L.A.'s coal-hot housing market continued to show signs of cooling in November, with an ongoing decline in the number of homes sold even as home prices recovered from a fall the prior month.
The mixed message is in line with expectations that the residential market is finally peaking in advance of what analysts expect to be a modest price decline in 2006.
"There certainly are signs days on market and inventory that we have a market that's starting to plateau and will get into this soft landing we've been talking about," said Leslie Appleton-Young, chief economist of the California Association of Realtors. She noted that the region's housing market historically tends to pull back in the fall, so more months of data are necessary to confirm any downward trend.
The November median price for an existing home in L.A. County was $525,000, up from $520,000 the previous month, according to data provided to the Business Journal by HomeData Corp., a Melville, N.Y. firm that tracks home sales nationwide.
Year-over-year appreciation was 21 percent for November, continuing the pattern of growth rates in the low 20 percent range that has punctuated the stunning run-up in prices. Still, sales volume was down more than 4 percent compared with the like period a year earlier.
The slowdown in sales also was reflected in CAR's steady rise of unsold inventory index, which measures the number of months needed to sell the current supply of homes on the market. As of October, the index stood at 4.3 months, compared with 2.1 months in June.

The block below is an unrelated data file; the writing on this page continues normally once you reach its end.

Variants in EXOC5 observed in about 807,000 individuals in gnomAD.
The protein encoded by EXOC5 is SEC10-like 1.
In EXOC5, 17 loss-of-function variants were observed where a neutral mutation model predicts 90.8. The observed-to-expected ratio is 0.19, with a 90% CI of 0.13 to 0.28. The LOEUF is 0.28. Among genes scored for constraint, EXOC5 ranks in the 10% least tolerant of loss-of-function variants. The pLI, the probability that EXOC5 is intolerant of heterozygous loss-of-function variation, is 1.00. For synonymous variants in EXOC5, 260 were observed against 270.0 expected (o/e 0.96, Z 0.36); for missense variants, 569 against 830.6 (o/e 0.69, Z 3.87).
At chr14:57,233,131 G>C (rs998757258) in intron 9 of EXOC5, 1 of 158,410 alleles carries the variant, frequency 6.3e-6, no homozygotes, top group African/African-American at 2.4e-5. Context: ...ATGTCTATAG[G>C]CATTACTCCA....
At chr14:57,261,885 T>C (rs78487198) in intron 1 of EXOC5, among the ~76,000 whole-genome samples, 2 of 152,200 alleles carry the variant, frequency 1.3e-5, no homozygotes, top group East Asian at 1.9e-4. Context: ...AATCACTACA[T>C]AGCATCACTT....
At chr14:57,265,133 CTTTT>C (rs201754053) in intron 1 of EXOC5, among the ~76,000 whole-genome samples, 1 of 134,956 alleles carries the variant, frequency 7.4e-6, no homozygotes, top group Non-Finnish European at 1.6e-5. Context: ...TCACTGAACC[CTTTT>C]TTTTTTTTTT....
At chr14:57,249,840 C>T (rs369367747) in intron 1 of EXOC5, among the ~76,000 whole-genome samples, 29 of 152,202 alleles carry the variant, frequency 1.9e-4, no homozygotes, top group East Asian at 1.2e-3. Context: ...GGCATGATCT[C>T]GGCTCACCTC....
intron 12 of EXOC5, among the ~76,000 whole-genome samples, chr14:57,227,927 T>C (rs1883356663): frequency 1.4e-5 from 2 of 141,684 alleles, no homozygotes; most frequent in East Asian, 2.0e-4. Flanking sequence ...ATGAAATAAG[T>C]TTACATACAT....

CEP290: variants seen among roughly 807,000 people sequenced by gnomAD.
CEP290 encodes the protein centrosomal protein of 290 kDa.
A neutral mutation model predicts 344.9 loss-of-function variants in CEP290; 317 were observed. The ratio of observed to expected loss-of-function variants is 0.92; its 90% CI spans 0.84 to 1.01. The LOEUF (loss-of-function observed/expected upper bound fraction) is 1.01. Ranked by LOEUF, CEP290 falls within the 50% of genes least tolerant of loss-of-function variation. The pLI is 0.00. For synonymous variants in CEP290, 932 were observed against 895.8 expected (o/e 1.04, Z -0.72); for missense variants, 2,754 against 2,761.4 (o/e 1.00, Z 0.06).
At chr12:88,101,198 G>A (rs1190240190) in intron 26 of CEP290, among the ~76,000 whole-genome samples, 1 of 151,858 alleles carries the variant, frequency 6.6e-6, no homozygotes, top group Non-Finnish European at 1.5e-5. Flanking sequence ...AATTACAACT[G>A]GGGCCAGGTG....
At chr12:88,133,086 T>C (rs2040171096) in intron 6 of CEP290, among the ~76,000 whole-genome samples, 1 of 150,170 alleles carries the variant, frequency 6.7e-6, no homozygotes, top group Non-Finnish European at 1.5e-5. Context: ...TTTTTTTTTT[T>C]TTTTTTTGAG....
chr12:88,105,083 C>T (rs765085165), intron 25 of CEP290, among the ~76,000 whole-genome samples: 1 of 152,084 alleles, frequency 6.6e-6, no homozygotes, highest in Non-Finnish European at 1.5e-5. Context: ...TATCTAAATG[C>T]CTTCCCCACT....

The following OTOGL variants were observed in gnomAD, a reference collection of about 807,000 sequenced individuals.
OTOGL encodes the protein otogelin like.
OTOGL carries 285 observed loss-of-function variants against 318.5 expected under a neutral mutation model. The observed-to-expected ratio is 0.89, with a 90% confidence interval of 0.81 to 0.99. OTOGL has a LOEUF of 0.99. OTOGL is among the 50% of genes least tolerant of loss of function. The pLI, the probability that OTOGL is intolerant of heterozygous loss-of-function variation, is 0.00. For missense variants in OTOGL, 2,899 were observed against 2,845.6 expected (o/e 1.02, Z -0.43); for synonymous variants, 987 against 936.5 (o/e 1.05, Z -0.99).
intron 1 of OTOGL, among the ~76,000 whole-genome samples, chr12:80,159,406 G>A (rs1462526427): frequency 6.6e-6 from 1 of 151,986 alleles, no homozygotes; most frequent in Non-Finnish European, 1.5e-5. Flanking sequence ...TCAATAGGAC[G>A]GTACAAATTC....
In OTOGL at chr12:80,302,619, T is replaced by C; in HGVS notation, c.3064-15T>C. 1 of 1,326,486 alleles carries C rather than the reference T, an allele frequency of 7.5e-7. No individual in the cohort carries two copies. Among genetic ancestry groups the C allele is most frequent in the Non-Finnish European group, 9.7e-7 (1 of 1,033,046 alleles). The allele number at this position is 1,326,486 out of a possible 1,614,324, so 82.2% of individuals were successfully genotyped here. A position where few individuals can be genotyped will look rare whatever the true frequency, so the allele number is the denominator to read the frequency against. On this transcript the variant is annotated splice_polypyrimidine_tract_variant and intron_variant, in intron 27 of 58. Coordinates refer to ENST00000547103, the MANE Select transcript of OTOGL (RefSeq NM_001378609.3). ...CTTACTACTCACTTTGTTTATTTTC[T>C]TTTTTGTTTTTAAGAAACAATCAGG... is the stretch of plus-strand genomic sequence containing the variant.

Moreover, the National Association of Realtors last week reported that its October Pending Home Sales Index, a leading indicator for the U.S. housing market, hit the lowest level since March. The index is based on contracts signed on existing homes expected to close within one or two months.
On the ground
Michael Collins, general manager with Shorewood Realtors in Manahattan Beach, believes that in addition to properties at the high end of the market, a large proportion of the accumulating inventory is made up of properties in less desirable neighborhoods. These properties are often on unusually shaped lots or second-tier streets.
"A lot of people a year ago would have bought anything anywhere in ZIP code 90260," said Collins, referring to the South Bay community of Lawndale, where the median price rose to $550,000 last month, a 9.6 percent rise over last year. "But now that inventory is beginning to accumulate, they are telling their agent, 'Well, let's see what happens this week.'"
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